Washington log truckers make progress in fuel-surcharge strike

| 8/16/2005

A group of independent log truckers protesting in the state of Washington are beginning to see big progress in their fight for a larger fuel surcharge.

More than 120 log truckers parked their trucks on Wednesday, Aug. 10. They plan to stay parked until the four major timber companies in the area – Weyerhaeuser, Rayonier, Simpson Timber and Sierra Pacific – agree to give the truckers a larger fuel surcharge.

Rick Smith, president of the Twin Harbors Division of the Northwest Log Truckers’ Cooperative, said so far, three of the four companies – all except for Rayonier – are cooperating in negotiating a larger percentage.

“We got some increases, and we got more awareness out there with these timber companies that they can’t take advantage of us anymore,” Smith said. “And that’s what we were after.”

Smith said the protesting truckers – about 60 to 70 who parked their rigs in Aberdeen and 50 to 60 who parked in Lewis County – are asking for a larger fuel surcharge. The truckers want an amount equal to 20 percent to 23 percent of their freight rates. The companies are currently paying them a fuel surcharge equal to 9 percent to 13 percent of the freight rate.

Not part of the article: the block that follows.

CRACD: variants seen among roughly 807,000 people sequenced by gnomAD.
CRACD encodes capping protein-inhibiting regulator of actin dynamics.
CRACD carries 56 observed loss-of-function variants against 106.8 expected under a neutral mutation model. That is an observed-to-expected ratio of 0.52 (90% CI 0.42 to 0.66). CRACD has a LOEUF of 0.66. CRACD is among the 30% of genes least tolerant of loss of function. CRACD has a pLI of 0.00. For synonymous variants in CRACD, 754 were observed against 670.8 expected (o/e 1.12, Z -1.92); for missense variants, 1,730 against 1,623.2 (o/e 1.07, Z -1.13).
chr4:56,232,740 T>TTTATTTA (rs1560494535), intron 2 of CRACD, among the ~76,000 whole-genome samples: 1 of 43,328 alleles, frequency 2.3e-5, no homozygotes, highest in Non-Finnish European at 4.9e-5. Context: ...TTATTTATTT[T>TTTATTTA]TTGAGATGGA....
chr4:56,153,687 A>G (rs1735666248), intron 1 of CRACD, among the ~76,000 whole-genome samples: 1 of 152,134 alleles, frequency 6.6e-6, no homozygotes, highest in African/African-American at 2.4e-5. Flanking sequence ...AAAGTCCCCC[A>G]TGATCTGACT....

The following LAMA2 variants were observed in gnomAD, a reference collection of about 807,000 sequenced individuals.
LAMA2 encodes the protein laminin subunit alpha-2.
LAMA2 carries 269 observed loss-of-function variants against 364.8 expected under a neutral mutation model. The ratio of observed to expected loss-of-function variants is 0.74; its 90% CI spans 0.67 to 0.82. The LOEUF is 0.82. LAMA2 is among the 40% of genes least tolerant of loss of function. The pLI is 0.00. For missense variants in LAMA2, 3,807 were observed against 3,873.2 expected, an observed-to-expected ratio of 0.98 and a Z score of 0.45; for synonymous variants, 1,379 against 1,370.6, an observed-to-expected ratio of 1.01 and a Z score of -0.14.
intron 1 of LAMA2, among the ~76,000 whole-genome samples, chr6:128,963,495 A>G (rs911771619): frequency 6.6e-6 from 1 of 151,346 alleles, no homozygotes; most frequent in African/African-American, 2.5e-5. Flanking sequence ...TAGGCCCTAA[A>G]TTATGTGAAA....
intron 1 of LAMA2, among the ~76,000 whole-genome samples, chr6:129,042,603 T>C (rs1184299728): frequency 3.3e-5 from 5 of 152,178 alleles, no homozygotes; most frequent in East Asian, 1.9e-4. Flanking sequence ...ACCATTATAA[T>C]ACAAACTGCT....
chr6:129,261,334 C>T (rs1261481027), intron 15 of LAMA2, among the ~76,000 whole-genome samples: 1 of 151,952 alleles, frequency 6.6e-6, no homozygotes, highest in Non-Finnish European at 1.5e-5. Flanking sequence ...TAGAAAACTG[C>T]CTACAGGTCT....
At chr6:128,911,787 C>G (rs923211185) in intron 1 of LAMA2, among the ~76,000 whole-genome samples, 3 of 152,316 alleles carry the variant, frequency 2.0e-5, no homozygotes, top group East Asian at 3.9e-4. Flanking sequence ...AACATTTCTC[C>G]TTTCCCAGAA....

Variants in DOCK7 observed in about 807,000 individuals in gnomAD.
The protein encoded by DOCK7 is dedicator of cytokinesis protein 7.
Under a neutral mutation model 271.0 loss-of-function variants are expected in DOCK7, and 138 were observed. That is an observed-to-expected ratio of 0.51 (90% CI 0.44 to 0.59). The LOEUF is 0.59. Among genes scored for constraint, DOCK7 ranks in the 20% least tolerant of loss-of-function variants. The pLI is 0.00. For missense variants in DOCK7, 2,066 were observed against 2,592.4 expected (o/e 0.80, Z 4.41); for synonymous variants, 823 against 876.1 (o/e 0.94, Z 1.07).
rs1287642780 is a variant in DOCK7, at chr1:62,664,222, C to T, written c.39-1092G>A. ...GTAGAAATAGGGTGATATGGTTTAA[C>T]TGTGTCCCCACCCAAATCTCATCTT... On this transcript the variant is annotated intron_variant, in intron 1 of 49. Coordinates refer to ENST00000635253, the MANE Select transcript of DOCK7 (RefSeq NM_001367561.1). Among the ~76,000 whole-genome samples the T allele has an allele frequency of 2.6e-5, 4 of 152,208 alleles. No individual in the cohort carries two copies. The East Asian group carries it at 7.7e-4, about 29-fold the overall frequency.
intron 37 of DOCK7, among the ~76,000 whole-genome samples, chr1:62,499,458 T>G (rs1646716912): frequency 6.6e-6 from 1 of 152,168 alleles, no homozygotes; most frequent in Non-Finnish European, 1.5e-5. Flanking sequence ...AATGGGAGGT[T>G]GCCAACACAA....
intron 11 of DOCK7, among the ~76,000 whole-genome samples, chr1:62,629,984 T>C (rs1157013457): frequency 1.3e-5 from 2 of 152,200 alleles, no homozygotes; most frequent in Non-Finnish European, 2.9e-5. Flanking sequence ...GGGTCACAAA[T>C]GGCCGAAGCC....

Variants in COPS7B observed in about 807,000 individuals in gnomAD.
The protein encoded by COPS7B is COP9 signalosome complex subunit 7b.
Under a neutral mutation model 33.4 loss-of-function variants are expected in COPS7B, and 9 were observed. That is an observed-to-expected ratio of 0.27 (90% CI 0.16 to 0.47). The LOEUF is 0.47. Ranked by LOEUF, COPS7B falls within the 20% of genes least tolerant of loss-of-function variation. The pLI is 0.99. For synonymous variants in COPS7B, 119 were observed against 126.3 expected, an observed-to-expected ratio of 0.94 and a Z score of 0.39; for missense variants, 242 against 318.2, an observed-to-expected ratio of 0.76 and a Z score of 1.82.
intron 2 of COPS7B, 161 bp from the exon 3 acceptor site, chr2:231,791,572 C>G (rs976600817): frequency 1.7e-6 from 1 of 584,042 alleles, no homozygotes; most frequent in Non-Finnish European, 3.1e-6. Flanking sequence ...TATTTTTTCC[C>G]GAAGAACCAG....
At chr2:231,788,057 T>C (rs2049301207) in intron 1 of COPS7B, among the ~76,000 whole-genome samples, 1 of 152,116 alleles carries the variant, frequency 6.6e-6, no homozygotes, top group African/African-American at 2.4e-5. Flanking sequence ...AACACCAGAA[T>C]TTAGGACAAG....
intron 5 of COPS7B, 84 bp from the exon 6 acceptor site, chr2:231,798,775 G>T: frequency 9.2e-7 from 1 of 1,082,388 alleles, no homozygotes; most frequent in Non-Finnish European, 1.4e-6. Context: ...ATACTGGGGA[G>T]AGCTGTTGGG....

“It’s not a rate increase,” Smith told Land Line. “That’s just a fuel surcharge increase to help us pay for our fuel.”

Smith said the protesters, who were organized and educated by his organization, would not return to work until their demand for an adequate surcharge was met. He estimated that about 80 percent of the drivers involved in the protest are owner-operators.

“When they get up to where we can get back to work, we’re going back to work,” Smith said. “None of us want to be here – trust me. We’ve got families to take care of and bills to pay. It’s just time to say enough’s enough, and until we get what we want, we’re just going to have to sit out.”

Coincidentally, the Washington protest began on the same day as a protest in South Florida, where more than 600 trucks convoyed to the Miami City Hall to ask the state legislature to pass a mandatory fuel surcharge.

However, Smith said his organization wasn’t even aware of the other protest happening.

“That’s kind of ironic, but no, I hadn’t even heard of that,” Smith said. “We’ve been so busy doing what we’re doing, most of us haven’t seen a TV for two days.”

The lack of a decent fuel surcharge percentage has put many truckers in the area out of business, Smith said.

“We’ve tried to make it by borrowing this and borrowing that to keep going,” Smith said. “We’re at the point where the co-op has educated us enough to be businessmen, and we don’t want to drag community people we do business with down with us.”

– By Aaron Ladage, staff writer